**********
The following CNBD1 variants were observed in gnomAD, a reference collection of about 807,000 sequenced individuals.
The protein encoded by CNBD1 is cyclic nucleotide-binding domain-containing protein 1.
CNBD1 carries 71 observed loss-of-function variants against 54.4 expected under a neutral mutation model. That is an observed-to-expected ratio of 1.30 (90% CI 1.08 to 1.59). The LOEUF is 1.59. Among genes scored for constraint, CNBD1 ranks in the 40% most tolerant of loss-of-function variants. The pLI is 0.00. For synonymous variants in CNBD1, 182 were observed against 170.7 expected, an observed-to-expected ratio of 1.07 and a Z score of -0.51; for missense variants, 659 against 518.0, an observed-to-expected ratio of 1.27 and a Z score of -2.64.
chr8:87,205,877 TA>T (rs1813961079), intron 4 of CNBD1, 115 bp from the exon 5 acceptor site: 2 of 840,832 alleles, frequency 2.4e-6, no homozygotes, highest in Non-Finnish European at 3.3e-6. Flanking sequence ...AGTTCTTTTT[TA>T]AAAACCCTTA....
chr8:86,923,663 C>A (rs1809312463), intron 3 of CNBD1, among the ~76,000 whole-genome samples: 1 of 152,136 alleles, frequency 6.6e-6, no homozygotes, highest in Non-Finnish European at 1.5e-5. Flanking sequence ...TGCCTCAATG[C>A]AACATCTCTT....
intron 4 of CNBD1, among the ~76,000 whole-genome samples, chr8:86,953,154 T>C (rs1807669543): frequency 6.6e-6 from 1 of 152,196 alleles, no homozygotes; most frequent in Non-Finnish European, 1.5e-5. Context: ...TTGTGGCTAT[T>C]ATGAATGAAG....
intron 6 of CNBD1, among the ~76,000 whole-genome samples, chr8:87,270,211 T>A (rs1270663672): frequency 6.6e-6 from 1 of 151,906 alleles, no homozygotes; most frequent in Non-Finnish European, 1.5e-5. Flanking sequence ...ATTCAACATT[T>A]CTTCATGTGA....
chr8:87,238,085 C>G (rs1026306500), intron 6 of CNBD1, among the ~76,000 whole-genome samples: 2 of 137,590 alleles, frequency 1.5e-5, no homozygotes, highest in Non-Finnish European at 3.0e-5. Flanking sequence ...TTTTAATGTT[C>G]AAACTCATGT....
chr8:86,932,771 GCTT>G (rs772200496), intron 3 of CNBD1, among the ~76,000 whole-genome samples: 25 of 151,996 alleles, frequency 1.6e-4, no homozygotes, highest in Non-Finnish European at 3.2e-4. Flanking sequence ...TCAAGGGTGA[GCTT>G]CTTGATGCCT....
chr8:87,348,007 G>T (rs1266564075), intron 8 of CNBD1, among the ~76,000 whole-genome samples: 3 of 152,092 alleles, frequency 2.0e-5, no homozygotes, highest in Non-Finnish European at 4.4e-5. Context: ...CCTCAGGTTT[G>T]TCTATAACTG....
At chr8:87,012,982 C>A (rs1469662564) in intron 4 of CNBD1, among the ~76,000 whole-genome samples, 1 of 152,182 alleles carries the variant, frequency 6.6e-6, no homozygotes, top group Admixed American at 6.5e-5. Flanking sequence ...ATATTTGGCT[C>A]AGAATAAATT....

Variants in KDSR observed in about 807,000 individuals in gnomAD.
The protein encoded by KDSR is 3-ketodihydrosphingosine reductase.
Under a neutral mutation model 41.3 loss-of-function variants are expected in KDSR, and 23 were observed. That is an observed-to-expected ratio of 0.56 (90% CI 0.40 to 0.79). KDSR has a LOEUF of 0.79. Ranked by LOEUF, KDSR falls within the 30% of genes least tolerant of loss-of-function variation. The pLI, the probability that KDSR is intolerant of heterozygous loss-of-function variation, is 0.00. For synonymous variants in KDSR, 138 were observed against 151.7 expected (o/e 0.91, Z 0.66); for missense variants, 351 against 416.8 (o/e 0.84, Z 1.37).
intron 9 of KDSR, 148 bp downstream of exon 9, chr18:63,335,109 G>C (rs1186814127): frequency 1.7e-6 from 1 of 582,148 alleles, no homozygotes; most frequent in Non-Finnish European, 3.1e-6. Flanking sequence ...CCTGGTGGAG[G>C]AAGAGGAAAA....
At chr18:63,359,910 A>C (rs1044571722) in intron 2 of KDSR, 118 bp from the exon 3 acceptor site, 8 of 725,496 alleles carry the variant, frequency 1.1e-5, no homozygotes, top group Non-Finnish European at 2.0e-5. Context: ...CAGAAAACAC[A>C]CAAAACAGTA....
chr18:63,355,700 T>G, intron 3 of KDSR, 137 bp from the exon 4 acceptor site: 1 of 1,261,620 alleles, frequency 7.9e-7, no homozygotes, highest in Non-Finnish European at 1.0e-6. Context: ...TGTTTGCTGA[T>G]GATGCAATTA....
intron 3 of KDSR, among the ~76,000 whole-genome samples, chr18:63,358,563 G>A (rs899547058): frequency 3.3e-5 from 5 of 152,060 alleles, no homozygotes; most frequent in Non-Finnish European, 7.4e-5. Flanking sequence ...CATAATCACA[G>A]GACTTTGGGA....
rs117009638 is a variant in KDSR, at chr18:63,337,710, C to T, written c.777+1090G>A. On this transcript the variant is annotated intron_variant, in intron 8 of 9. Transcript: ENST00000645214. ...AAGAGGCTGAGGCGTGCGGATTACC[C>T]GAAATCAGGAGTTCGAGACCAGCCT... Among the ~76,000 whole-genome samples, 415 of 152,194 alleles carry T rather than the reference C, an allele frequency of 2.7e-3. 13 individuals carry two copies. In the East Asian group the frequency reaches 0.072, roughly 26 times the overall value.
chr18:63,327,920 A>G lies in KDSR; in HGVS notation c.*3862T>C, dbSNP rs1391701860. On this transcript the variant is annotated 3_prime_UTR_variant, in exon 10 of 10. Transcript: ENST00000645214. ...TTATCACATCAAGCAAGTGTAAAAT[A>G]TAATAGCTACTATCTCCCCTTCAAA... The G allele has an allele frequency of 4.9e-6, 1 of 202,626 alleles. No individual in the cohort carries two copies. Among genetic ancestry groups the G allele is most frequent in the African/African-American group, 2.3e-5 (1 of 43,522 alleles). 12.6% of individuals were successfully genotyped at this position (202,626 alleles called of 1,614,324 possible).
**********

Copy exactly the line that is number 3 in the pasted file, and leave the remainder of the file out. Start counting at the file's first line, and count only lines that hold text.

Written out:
CNBD1 carries 71 observed loss-of-function variants against 54.4 expected under a neutral mutation model. That is an observed-to-expected ratio of 1.30 (90% CI 1.08 to 1.59). The LOEUF is 1.59. Among genes scored for constraint, CNBD1 ranks in the 40% most tolerant of loss-of-function variants. The pLI is 0.00. For synonymous variants in CNBD1, 182 were observed against 170.7 expected, an observed-to-expected ratio of 1.07 and a Z score of -0.51; for missense variants, 659 against 518.0, an observed-to-expected ratio of 1.27 and a Z score of -2.64.